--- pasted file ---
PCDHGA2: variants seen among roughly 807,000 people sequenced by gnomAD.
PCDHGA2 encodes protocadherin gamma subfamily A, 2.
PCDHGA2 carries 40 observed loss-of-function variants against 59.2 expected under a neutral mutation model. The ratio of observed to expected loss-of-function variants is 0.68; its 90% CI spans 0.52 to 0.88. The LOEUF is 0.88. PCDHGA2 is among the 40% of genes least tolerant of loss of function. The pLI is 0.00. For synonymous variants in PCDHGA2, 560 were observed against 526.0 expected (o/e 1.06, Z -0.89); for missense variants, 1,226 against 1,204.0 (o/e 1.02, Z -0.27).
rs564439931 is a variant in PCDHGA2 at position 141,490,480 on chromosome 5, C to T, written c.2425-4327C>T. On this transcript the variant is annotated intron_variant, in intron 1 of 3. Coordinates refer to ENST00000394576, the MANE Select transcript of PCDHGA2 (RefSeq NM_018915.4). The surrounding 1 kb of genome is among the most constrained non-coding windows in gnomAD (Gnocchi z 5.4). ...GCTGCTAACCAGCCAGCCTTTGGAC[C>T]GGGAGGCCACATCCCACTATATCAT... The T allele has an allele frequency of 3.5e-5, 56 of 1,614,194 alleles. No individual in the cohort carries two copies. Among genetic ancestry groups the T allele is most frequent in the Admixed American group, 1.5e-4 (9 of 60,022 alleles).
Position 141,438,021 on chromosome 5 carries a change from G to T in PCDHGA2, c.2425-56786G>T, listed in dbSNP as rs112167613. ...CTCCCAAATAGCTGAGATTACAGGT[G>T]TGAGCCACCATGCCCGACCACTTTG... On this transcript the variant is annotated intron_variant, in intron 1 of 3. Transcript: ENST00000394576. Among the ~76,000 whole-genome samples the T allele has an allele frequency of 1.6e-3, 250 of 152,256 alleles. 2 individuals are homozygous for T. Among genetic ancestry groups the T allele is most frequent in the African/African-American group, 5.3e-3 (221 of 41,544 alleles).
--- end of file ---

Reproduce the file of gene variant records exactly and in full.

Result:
PCDHGA2: variants seen among roughly 807,000 people sequenced by gnomAD.
PCDHGA2 encodes protocadherin gamma subfamily A, 2.
PCDHGA2 carries 40 observed loss-of-function variants against 59.2 expected under a neutral mutation model. The ratio of observed to expected loss-of-function variants is 0.68; its 90% CI spans 0.52 to 0.88. The LOEUF is 0.88. PCDHGA2 is among the 40% of genes least tolerant of loss of function. The pLI is 0.00. For synonymous variants in PCDHGA2, 560 were observed against 526.0 expected (o/e 1.06, Z -0.89); for missense variants, 1,226 against 1,204.0 (o/e 1.02, Z -0.27).
rs564439931 is a variant in PCDHGA2 at position 141,490,480 on chromosome 5, C to T, written c.2425-4327C>T. On this transcript the variant is annotated intron_variant, in intron 1 of 3. Coordinates refer to ENST00000394576, the MANE Select transcript of PCDHGA2 (RefSeq NM_018915.4). The surrounding 1 kb of genome is among the most constrained non-coding windows in gnomAD (Gnocchi z 5.4). ...GCTGCTAACCAGCCAGCCTTTGGAC[C>T]GGGAGGCCACATCCCACTATATCAT... The T allele has an allele frequency of 3.5e-5, 56 of 1,614,194 alleles. No individual in the cohort carries two copies. Among genetic ancestry groups the T allele is most frequent in the Admixed American group, 1.5e-4 (9 of 60,022 alleles).
Position 141,438,021 on chromosome 5 carries a change from G to T in PCDHGA2, c.2425-56786G>T, listed in dbSNP as rs112167613. ...CTCCCAAATAGCTGAGATTACAGGT[G>T]TGAGCCACCATGCCCGACCACTTTG... On this transcript the variant is annotated intron_variant, in intron 1 of 3. Transcript: ENST00000394576. Among the ~76,000 whole-genome samples the T allele has an allele frequency of 1.6e-3, 250 of 152,256 alleles. 2 individuals are homozygous for T. Among genetic ancestry groups the T allele is most frequent in the African/African-American group, 5.3e-3 (221 of 41,544 alleles).